By Linda Foley, founder, Identity Theft Resource Center
Each year, the ITRC staff sits down to discuss what the nation might expect in the area of identity theft in 2010 and beyond. We know identity theft won’t go away, however, by using the past to anticipate what trends might occur, we can avoid some pitfalls.
The recession will lead to more scams. Whenever our nation has faced a difficult time, thieves have found a way to use the problem to their advantage. There will be new variations of old scams and both new and old scams will be more convincing than ever before
Criminals will take advantage of increasing unemployment rates by tricking desperate people searching for job listings. These fake job listings and work-at-home scams will eventually end with the job seeker providing Social Security Numbers (SSN) to criminals
Additionally, we might see the increase in the number of individuals – who have no criminal history – begin to explore the crime of identity theft for financial gain. For these thieves, it will be about quick money. Once desperate people max out their credit limits and wreck their own credit histories; they will start to use or phish for Social Security Numbers that they can easily access.
Desperation will lead to more child identity theft and “all-in-the-family” cases, as well as the fraudulent use of numbers belonging to close friends, roommates and fellow workers. It has long been documented that a significant percentage of identity theft cases are perpetrated by people close to the victim.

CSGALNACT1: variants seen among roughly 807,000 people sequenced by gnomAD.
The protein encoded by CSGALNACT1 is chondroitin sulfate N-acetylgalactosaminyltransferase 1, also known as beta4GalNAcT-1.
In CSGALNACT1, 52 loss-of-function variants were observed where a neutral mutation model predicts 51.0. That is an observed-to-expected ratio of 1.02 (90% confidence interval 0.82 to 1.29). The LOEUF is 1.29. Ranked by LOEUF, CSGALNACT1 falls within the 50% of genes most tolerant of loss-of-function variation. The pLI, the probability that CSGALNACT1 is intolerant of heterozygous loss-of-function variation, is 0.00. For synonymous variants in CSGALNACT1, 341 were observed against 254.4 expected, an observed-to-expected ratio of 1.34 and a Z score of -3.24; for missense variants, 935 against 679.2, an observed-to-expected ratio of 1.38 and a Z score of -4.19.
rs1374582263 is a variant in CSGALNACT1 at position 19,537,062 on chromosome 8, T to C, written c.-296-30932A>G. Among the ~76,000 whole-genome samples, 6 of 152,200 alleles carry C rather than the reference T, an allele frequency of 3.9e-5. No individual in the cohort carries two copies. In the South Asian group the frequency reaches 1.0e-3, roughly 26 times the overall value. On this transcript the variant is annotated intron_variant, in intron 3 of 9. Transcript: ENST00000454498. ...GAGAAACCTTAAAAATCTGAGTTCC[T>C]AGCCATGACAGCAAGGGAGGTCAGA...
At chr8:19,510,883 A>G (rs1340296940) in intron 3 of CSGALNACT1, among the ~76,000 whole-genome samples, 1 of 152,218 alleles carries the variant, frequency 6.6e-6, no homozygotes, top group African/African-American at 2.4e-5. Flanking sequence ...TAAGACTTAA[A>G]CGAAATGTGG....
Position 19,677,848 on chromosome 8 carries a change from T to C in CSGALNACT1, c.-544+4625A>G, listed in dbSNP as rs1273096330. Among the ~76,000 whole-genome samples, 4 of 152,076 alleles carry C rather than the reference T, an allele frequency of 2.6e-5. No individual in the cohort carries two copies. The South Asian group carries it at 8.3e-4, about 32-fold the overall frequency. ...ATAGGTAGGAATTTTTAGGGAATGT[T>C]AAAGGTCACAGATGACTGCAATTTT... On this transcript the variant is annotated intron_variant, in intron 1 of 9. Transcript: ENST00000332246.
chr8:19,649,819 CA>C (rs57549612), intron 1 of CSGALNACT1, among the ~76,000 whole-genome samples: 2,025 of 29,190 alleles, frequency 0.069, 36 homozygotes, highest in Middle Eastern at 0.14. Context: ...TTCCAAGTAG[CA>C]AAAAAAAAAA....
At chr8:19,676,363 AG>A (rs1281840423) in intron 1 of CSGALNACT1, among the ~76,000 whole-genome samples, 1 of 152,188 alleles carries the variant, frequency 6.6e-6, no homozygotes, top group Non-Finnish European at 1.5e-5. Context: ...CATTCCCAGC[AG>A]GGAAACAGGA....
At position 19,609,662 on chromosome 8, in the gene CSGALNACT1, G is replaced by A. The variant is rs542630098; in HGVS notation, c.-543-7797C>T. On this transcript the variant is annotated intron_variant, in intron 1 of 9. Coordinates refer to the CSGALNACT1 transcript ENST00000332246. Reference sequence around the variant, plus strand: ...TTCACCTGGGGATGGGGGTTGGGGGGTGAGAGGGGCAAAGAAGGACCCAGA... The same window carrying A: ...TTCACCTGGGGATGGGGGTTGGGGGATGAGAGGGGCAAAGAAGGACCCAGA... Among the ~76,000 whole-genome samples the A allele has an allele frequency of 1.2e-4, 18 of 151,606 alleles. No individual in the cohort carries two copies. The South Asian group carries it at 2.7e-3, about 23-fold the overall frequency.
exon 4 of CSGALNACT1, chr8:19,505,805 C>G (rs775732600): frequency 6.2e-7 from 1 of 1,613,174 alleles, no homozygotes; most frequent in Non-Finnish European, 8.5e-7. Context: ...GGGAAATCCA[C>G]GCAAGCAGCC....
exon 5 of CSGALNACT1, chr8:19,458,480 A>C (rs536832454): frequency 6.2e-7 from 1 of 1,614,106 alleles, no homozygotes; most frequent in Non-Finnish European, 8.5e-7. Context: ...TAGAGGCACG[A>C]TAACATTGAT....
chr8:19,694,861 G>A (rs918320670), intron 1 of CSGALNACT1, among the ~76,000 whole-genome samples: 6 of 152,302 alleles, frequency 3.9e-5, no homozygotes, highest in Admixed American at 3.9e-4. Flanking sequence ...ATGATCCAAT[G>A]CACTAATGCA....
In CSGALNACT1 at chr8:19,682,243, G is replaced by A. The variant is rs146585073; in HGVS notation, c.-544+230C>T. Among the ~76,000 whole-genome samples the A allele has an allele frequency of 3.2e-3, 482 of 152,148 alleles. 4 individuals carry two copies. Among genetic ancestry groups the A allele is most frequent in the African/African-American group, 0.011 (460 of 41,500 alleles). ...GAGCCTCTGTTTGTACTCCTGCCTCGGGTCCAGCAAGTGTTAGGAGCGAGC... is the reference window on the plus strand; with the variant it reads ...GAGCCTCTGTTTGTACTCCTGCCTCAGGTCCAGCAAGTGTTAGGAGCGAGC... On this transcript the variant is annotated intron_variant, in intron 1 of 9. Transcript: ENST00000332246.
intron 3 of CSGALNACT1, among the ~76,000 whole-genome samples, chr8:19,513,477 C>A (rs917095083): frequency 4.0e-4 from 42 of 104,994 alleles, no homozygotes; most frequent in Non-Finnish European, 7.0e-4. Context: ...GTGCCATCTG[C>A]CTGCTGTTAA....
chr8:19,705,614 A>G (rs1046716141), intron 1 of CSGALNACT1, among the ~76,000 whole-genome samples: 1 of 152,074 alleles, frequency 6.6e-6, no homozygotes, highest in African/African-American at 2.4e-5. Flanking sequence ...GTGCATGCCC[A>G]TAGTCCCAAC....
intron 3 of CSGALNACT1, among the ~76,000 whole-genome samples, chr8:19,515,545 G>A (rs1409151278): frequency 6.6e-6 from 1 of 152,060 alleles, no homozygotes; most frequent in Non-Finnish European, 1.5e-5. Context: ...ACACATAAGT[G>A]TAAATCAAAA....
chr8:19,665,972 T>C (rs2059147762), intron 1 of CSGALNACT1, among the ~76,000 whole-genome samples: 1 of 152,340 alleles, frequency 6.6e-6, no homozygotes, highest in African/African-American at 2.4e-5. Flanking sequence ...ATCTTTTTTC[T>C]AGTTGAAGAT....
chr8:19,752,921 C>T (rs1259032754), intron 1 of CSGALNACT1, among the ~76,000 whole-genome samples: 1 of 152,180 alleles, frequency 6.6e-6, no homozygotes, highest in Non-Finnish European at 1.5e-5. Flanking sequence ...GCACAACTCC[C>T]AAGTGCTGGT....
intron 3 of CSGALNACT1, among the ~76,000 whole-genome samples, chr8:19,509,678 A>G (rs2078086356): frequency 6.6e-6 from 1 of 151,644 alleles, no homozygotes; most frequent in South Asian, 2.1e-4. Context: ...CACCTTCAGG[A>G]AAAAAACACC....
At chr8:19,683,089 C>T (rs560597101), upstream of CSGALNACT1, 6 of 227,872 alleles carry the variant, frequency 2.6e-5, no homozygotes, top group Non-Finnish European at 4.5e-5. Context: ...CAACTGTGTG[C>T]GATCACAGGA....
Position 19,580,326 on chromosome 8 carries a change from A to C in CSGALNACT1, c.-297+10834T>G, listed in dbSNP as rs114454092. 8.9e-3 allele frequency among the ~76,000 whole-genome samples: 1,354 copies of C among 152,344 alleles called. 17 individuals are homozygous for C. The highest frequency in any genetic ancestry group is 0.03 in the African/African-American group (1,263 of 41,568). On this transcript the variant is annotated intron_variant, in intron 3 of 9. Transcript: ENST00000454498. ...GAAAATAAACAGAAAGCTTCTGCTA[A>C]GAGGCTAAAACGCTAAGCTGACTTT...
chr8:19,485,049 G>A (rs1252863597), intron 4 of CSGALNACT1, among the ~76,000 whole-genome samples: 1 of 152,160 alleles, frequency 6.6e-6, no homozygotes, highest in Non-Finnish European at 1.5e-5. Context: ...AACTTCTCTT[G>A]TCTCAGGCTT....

Nearly 10 percent of our case load, for the past six months, involved child identity theft issues
Medical identity theft, while not a new crime, will reflect the distress of those who have become unemployed. High COBRA premiums, growing individual medical insurance costs, or the inability to afford insurance or medical care, will cause a spike in this area of identity theft.
Insider theft in the coming year will increase due to the failure to follow simple security protocols in the workplace. This will create opportunities for thieves to gain access to personal identifying information retained in databases or paper files. Additionally, the lack of computer security measures and the increasing skill levels of hackers will lead to larger and more financially harmful breaches. It is foolish to think that just because one sophisticated hacker has been arrested, that large, extremely damaging hacking events won’t continue to occur. Also, the need for money might help weaken a person’s normal behavior to avoid crime, and help out a “convincing” guy who says that giving him some data won’t hurt anyone.
More individuals will discover that they have become identity theft victims as they apply for government assistance and/or benefits. The number of cases of criminal identity theft will continue to grow. This type of crime is defined as the use of an individual’s personal information to avoid being tied to their own criminal record.
The meteoric rise in social media use has also created a launch pad for identity thieves. Social media identity theft can happen either by the overexposure of information in profiles or by chatting, or the failure to protect personal computers against hacking.